Mr. Rowlands : A little earlier, the right hon. Gentleman rested his case for the change on the ground that the benefits were created when people could not create occupational benefit rights. The point that I was trying to make, further to those on the money resolution, was that, as a result of the shrinking number of people in employment in our area, we shall not have a new generation creating those rights. At the same time, the available benefit will reduce for those who are entitled to it. It worries me that we are being driven backward into more of a dependency culture than ever before.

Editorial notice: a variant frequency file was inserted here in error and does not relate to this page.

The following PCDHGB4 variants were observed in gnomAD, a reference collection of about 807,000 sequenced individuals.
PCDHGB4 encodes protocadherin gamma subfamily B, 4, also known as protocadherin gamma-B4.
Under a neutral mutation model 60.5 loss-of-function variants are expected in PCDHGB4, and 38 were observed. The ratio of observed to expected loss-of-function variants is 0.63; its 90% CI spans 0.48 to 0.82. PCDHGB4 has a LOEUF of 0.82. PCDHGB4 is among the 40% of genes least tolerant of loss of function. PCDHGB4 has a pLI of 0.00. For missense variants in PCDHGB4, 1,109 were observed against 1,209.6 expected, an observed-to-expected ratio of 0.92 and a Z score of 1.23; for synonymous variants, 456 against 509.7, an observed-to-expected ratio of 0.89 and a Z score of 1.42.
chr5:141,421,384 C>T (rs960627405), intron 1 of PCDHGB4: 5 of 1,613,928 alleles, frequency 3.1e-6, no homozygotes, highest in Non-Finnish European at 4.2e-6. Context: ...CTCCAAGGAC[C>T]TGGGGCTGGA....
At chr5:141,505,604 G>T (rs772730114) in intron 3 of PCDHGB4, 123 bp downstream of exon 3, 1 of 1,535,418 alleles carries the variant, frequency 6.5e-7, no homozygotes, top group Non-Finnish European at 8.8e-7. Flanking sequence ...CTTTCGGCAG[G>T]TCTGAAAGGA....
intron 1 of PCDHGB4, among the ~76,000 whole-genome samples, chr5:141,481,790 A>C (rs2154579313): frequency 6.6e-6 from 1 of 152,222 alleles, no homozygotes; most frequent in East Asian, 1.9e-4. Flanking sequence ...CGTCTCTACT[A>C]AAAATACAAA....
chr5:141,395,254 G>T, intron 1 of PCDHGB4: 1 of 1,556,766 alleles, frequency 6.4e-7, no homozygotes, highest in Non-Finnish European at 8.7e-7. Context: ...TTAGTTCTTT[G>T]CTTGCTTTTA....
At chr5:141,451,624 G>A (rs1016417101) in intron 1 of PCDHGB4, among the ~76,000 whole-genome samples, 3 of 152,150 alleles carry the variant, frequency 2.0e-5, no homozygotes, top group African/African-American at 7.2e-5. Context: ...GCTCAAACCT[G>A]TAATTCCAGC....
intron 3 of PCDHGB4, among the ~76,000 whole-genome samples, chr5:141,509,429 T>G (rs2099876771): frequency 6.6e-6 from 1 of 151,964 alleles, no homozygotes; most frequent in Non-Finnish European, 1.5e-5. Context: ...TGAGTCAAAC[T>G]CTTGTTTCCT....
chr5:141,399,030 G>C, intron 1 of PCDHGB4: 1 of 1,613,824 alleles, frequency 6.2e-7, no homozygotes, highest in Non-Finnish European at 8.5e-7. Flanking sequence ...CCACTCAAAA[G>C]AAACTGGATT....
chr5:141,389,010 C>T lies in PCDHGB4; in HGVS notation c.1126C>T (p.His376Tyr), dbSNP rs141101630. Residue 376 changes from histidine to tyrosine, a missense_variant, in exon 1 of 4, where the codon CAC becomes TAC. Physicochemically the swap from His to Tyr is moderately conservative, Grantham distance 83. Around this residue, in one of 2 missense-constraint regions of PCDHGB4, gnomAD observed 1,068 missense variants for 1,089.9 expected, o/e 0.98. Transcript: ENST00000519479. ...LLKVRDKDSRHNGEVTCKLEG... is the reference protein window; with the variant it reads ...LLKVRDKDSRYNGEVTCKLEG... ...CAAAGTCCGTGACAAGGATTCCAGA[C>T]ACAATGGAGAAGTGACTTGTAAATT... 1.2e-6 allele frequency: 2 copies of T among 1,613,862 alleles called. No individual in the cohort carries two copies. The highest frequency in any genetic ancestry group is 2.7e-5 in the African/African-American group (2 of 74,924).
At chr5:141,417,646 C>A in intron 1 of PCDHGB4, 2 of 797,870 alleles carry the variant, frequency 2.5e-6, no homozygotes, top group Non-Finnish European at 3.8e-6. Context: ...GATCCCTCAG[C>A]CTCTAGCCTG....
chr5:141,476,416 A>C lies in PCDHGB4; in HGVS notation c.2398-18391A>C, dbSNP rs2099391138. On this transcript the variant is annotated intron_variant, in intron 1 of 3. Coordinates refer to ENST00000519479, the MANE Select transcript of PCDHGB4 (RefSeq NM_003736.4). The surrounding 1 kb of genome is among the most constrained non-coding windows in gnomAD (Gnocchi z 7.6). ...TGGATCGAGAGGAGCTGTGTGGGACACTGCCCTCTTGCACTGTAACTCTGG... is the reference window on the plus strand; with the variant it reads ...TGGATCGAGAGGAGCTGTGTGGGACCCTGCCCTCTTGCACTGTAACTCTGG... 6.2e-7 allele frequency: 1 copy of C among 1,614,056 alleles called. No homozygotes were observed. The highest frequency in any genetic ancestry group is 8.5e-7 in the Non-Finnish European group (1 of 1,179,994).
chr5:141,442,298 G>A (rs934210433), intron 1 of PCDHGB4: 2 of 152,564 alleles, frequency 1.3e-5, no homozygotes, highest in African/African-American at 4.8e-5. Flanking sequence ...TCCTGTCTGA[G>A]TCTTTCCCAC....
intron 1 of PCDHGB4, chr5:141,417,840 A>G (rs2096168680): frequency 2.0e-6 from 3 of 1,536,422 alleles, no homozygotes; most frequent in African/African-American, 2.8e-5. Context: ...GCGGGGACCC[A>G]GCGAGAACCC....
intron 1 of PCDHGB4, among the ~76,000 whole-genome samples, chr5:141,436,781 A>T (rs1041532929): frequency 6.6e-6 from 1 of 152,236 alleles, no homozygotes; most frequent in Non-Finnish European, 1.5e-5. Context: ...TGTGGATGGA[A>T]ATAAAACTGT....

Mr. Scott : I do not wish to stray too wide of the debate, but I am sure that the hon. Gentleman will take all sorts of opportunities to impress upon other parts of the Government the contribution that they can make to the economic health of his area. I must also emphasise the fact that, although existing beneficiaries may lose entitlement under what will in future be incapacity beneift--in essence, it will be the continuation of their invalidity benefit after 1995--if they come off benefit, they may be able to get back into work or they may qualify for other benefits. Nobody will be left with no resources whatever.